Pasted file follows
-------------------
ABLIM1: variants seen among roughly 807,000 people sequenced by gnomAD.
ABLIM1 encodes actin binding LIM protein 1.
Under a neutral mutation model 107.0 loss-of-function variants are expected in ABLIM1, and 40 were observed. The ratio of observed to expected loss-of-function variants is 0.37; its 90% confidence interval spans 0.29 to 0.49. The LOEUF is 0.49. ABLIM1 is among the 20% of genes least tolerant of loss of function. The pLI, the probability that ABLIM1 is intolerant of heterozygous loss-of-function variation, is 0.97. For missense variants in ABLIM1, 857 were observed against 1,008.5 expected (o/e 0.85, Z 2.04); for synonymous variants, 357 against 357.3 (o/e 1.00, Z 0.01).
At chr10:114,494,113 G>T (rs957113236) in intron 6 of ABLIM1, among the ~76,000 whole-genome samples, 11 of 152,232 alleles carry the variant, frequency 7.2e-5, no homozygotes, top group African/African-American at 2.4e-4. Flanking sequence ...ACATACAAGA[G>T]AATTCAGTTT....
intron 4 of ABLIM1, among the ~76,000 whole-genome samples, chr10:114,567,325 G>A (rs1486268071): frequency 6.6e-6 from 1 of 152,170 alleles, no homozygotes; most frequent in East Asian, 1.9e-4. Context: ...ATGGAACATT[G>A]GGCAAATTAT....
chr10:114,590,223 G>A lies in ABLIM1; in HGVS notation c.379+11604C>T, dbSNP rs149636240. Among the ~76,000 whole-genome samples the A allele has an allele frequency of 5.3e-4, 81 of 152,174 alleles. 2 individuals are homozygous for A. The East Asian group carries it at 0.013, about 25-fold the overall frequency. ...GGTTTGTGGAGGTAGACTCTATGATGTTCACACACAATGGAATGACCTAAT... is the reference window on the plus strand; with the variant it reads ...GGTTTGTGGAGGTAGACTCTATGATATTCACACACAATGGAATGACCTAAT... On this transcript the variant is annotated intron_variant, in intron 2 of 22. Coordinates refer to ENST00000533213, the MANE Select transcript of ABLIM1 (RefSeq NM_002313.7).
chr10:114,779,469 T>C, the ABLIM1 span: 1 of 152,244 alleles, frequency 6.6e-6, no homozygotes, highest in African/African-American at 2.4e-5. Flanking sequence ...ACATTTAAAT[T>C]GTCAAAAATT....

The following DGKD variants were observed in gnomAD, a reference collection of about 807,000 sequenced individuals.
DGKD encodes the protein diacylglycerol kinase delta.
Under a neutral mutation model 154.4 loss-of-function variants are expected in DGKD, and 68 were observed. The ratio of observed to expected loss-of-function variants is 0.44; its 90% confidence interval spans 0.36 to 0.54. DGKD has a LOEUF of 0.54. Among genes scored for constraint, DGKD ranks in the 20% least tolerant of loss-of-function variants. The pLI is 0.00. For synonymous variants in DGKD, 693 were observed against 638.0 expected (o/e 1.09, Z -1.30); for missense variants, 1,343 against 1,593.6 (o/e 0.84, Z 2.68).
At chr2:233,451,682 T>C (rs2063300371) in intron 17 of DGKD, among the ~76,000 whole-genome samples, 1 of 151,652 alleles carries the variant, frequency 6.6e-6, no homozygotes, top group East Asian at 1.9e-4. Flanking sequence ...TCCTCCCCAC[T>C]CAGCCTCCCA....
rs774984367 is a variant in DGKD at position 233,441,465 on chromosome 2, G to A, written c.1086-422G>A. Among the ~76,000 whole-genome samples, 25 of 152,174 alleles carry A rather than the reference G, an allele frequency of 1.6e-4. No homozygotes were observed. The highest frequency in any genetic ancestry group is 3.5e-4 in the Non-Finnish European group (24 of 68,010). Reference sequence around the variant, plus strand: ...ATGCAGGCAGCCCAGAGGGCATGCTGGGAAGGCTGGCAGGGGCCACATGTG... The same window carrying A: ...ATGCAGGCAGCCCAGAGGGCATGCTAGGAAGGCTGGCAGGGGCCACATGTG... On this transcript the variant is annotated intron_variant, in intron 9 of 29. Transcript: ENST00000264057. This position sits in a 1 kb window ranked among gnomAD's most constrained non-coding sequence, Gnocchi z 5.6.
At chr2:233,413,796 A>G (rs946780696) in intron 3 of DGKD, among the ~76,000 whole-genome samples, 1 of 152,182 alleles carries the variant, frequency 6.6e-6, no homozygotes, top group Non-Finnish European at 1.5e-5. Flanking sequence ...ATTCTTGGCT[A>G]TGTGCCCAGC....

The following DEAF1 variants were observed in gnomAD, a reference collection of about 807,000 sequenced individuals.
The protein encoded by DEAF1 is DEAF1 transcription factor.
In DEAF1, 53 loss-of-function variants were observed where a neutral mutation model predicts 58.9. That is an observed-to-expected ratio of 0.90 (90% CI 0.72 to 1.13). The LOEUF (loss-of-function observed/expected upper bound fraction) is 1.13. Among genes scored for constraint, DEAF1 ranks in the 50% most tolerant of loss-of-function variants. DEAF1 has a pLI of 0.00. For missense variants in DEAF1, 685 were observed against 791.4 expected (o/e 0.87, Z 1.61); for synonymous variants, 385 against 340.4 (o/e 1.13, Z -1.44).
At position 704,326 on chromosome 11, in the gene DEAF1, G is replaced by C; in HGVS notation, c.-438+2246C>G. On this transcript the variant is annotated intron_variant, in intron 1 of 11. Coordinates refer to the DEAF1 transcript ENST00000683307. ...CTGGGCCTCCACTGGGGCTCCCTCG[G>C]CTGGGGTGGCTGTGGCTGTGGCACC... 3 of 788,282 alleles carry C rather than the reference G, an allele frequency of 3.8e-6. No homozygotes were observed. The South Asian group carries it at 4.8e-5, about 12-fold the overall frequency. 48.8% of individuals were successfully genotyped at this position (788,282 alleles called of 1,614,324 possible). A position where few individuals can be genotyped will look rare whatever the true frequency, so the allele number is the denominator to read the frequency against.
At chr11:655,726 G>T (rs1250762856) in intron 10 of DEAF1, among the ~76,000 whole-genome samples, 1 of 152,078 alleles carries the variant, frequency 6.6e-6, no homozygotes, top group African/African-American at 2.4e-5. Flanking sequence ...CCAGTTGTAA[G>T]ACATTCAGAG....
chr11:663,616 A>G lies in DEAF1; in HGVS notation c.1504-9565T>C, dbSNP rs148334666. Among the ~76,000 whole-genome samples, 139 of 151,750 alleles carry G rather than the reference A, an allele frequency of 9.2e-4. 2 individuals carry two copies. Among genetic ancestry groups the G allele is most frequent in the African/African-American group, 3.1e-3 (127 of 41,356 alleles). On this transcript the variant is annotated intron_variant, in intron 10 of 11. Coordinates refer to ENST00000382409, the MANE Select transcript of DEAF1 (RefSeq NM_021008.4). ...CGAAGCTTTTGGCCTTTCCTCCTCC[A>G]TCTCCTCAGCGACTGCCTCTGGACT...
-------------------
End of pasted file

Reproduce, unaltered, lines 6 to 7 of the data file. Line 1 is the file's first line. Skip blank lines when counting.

chr10:114,590,223 G>A lies in ABLIM1; in HGVS notation c.379+11604C>T, dbSNP rs149636240. Among the ~76,000 whole-genome samples the A allele has an allele frequency of 5.3e-4, 81 of 152,174 alleles. 2 individuals are homozygous for A. The East Asian group carries it at 0.013, about 25-fold the overall frequency. ...GGTTTGTGGAGGTAGACTCTATGATGTTCACACACAATGGAATGACCTAAT... is the reference window on the plus strand; with the variant it reads ...GGTTTGTGGAGGTAGACTCTATGATATTCACACACAATGGAATGACCTAAT... On this transcript the variant is annotated intron_variant, in intron 2 of 22. Coordinates refer to ENST00000533213, the MANE Select transcript of ABLIM1 (RefSeq NM_002313.7).
chr10:114,779,469 T>C, the ABLIM1 span: 1 of 152,244 alleles, frequency 6.6e-6, no homozygotes, highest in African/African-American at 2.4e-5. Flanking sequence ...ACATTTAAAT[T>C]GTCAAAAATT....